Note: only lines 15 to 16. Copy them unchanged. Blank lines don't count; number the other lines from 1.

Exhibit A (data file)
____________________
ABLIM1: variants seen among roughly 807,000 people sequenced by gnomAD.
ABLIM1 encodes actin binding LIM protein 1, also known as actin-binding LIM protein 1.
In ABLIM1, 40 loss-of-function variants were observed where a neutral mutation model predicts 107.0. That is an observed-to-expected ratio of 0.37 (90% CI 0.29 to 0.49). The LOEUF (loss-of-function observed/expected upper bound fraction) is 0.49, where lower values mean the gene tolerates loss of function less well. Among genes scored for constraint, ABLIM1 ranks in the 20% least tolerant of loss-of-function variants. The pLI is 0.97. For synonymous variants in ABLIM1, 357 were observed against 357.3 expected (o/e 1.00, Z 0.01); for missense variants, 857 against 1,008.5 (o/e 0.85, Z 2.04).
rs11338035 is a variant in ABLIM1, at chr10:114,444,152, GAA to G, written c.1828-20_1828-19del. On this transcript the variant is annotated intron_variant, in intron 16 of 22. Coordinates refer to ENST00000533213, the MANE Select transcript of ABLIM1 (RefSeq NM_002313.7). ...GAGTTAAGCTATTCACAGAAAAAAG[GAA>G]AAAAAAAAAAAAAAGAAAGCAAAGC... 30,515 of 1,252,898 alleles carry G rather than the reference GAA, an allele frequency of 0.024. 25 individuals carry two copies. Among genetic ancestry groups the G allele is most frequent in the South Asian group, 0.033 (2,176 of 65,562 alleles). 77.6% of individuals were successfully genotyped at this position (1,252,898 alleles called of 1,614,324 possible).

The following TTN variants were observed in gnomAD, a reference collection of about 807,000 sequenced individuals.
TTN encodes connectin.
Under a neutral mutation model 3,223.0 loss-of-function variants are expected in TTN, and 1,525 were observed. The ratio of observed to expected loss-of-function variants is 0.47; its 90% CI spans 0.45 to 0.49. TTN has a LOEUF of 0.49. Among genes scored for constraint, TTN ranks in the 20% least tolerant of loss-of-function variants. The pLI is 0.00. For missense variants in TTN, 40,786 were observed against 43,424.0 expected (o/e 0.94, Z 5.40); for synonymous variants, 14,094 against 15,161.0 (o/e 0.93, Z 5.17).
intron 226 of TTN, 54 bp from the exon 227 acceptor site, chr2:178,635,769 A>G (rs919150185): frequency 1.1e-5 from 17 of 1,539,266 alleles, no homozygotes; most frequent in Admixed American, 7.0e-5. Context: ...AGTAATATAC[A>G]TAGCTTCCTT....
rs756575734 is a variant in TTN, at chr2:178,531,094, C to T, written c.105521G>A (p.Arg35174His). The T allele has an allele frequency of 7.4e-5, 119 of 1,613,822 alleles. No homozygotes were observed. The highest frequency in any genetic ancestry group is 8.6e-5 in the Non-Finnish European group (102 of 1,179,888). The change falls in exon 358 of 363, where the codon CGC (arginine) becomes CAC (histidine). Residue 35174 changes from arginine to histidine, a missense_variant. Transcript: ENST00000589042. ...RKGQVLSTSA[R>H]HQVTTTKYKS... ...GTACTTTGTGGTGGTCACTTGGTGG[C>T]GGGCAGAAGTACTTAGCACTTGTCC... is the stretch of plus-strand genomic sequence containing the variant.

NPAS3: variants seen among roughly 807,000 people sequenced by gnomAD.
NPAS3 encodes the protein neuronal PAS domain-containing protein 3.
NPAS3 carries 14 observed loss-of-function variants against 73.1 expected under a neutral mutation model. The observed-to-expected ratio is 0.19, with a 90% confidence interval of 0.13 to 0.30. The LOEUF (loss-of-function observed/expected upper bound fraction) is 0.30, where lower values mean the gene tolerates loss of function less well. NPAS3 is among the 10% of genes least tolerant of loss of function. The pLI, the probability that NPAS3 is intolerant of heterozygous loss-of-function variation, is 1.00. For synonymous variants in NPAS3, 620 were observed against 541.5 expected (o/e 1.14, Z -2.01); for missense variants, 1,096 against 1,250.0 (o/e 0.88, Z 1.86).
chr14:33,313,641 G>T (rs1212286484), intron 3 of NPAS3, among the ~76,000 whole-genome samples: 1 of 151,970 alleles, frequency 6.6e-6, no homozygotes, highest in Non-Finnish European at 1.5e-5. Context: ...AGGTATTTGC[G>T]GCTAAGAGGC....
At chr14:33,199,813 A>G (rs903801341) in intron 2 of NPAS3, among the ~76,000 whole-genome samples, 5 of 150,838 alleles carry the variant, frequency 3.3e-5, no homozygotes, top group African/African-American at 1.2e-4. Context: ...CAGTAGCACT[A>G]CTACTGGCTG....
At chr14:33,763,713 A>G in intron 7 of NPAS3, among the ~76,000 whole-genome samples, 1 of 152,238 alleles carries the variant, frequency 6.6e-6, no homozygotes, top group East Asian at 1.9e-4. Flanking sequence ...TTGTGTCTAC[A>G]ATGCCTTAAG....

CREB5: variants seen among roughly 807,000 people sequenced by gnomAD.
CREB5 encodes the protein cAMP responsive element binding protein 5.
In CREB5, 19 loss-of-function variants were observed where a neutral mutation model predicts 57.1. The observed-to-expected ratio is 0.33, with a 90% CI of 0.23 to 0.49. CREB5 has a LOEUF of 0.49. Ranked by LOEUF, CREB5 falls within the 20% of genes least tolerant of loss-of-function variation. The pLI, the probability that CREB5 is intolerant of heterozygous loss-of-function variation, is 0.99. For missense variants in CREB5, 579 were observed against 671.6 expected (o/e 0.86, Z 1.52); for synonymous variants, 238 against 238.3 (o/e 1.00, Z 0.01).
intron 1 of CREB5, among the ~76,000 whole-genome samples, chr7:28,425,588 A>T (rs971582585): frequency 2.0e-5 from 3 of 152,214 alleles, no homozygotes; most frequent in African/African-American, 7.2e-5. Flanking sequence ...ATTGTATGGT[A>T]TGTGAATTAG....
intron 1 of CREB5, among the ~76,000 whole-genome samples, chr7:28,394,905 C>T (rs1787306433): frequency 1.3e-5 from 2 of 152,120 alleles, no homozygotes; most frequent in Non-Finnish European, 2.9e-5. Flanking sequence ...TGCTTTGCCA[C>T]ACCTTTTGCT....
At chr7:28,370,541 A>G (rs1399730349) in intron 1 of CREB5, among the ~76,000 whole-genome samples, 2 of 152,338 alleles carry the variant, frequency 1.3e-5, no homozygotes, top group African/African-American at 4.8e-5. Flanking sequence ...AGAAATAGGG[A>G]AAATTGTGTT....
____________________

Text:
At chr14:33,763,713 A>G in intron 7 of NPAS3, among the ~76,000 whole-genome samples, 1 of 152,238 alleles carries the variant, frequency 6.6e-6, no homozygotes, top group East Asian at 1.9e-4. Flanking sequence ...TTGTGTCTAC[A>G]ATGCCTTAAG....

CREB5: variants seen among roughly 807,000 people sequenced by gnomAD.